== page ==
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can somebody explain me the basics of mvc in iphone apps?

I see the template classes, but how do they communicate?

does UIView send events to the Controller? or does the model send events?

what of the template files is the model?

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3 Answers

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The model shouldn't be concerned with the view. The same holds true for the view, it should be decoupled from the model and not really have direct access to it, despite the fact it will be displaying information from the model for the user to see and interact with. The controller acts as intermediary between models and views.

In Apple's words, "A controller object interprets user actions made in view objects and communicates new or changed data to the model layer. When model objects change, a controller object communicates that new model data to the view objects so that they can display it."

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thx, all answers hav been helpful for me, since its a broad topic –  mirzahat Jul 9 '11 at 5:50
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I would strongly recommend the iTunesU, Stanford University series titled "Developing Apps for iOS (HD)" by Paul Hegarty.

Lesson 1 discusses MVC and lesson 2 demonstrates it.

These lessons are free, and well worth a view if you have the time.

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From Jeff Atwood's Excellent blog "Coding Horrors":

Like everything else in software engineering, it seems, the concept of Model-View-Controller was originally invented by Smalltalk programmers.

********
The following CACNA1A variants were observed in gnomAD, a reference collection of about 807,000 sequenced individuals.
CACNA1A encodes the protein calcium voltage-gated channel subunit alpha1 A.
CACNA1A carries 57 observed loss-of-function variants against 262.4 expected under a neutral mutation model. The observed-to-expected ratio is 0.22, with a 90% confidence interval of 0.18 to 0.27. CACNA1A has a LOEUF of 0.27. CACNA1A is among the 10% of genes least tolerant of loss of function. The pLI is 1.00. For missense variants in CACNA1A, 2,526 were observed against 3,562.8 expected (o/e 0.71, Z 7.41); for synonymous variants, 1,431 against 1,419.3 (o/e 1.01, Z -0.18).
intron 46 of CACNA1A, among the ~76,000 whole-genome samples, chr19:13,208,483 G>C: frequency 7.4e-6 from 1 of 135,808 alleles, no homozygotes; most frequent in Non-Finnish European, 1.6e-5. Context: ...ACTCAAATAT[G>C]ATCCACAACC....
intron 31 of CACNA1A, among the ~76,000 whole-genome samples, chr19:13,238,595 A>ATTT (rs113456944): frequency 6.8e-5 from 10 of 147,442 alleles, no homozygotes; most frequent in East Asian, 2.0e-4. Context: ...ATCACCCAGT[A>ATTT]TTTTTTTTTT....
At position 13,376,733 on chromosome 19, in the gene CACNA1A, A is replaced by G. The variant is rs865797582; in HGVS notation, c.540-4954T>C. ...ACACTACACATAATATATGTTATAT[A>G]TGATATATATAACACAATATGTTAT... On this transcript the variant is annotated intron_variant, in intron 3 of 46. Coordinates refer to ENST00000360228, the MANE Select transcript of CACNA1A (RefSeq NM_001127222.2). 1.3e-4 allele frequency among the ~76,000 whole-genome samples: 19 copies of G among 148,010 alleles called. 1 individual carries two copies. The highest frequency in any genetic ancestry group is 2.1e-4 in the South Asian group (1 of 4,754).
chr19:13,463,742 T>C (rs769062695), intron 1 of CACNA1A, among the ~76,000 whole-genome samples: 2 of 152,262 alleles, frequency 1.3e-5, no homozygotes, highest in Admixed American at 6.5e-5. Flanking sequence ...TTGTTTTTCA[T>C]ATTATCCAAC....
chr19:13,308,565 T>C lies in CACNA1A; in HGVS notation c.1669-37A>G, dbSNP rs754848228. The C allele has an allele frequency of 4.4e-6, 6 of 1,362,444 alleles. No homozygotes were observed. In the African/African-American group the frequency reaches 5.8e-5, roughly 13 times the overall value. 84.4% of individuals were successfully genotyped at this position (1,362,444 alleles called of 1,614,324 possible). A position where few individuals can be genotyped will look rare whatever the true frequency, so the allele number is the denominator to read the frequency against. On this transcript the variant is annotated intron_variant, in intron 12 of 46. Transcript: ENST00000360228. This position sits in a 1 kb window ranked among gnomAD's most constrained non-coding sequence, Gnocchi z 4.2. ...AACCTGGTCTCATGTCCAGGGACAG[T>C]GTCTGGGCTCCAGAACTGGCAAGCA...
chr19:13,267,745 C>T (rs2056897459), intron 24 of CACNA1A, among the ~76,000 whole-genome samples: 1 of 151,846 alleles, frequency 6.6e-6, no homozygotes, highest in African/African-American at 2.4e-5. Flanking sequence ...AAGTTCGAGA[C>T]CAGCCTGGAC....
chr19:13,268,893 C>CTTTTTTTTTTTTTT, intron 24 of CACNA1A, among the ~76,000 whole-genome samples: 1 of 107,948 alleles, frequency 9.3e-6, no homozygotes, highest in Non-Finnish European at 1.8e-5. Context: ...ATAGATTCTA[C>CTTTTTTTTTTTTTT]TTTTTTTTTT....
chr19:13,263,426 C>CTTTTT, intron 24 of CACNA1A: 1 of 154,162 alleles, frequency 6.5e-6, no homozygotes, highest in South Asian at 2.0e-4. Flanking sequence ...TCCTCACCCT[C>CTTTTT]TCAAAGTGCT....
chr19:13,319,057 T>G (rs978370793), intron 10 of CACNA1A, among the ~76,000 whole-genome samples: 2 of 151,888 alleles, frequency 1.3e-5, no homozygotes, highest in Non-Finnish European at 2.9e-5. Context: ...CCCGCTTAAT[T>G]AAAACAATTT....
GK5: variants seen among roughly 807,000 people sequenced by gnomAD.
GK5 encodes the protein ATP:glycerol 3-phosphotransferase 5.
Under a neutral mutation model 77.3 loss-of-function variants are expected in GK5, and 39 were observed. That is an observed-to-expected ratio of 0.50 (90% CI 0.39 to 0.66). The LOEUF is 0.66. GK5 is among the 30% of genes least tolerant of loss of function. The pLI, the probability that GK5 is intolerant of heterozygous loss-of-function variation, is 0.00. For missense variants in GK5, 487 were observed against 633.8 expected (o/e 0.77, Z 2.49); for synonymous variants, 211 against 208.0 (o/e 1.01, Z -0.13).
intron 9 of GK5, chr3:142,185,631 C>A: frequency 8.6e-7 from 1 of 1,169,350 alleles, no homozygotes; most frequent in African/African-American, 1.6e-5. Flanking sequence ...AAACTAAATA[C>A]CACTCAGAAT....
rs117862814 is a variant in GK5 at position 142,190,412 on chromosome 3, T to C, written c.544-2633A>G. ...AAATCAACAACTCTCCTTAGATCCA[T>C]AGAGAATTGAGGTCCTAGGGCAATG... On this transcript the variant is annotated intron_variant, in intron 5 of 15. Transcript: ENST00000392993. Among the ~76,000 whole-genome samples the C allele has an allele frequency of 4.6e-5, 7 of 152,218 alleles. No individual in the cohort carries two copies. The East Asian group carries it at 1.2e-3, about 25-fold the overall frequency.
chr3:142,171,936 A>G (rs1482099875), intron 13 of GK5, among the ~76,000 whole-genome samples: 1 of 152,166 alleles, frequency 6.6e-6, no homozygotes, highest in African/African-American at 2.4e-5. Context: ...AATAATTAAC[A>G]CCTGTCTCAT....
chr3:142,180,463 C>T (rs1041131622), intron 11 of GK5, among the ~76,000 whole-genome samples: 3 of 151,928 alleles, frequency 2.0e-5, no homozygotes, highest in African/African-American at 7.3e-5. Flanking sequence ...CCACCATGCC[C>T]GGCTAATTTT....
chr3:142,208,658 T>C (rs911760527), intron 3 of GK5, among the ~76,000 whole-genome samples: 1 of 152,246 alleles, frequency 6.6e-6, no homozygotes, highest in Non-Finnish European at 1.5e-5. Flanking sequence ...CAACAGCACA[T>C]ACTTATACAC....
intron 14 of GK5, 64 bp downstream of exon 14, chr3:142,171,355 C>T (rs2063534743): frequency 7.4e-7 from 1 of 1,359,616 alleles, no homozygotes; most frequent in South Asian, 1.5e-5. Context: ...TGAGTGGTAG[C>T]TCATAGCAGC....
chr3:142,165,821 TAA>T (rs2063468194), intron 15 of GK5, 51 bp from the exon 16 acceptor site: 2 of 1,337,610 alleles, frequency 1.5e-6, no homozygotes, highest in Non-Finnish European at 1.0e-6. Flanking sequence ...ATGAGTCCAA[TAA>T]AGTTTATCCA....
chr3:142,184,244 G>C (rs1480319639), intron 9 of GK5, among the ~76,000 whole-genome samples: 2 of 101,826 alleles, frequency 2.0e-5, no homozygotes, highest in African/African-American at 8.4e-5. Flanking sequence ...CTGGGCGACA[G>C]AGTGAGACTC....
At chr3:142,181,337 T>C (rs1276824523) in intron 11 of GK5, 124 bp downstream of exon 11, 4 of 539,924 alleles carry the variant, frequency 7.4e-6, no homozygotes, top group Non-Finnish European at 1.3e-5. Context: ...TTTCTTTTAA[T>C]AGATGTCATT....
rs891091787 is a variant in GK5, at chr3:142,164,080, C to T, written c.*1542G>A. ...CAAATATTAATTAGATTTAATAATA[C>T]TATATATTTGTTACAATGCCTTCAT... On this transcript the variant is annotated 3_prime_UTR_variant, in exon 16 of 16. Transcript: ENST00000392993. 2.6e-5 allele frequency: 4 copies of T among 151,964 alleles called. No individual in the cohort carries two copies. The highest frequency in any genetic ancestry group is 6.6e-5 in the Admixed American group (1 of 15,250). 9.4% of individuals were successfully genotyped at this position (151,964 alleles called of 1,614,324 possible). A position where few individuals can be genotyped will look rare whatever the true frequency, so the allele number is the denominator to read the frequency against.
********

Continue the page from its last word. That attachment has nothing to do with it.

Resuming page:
More specifically, it was invented by one Smalltalk programmer, Trygve Reenskaug. Trygve maintains a page that explains the history of MVC in his own words. He arrives at these definitions in a paper he published on December 10th, 1979:

Models Models represent knowledge. A model could be a single object (rather uninteresting), or it could be some structure of objects.

There should be a one-to-one correspondence between the model and its parts on the one hand, and the represented world as perceived by the owner of the model on the other hand.

Views A view is a (visual) representation of its model. It would ordinarily highlight certain attributes of the model and suppress others. It is thus acting as a presentation filter.

A view is attached to its model (or model part) and gets the data necessary for the presentation from the model by asking questions. It may also update the model by sending appropriate messages. All these questions and messages have to be in the terminology of the model, the view will therefore have to know the semantics of the attributes of the model it represents.

Controllers A controller is the link between a user and the system. It provides the user with input by arranging for relevant views to present themselves in appropriate places on the screen. It provides means for user output by presenting the user with menus or other means of giving commands and data. The controller receives such user output, translates it into the appropriate messages and pass these messages on to one or more of the views.

The best way to understand this (like many core concepts of iOS programming cough HIG cough), is to read Apple's documentation and try it. Here is a good design pattern overview (including MVC) for beginners, including a tutorial: Link

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I have seen that Reenskaug quote a time or two and the funny thing is it never really helped to clarify, but actually muddled my understanding of MVC. I comprehend what he is saying, but the way he says it is so poorly worded that it doesn't clarify the concept like you'd think he could. Just an observation. –  Todd Hopkinson Jul 11 '11 at 17:53
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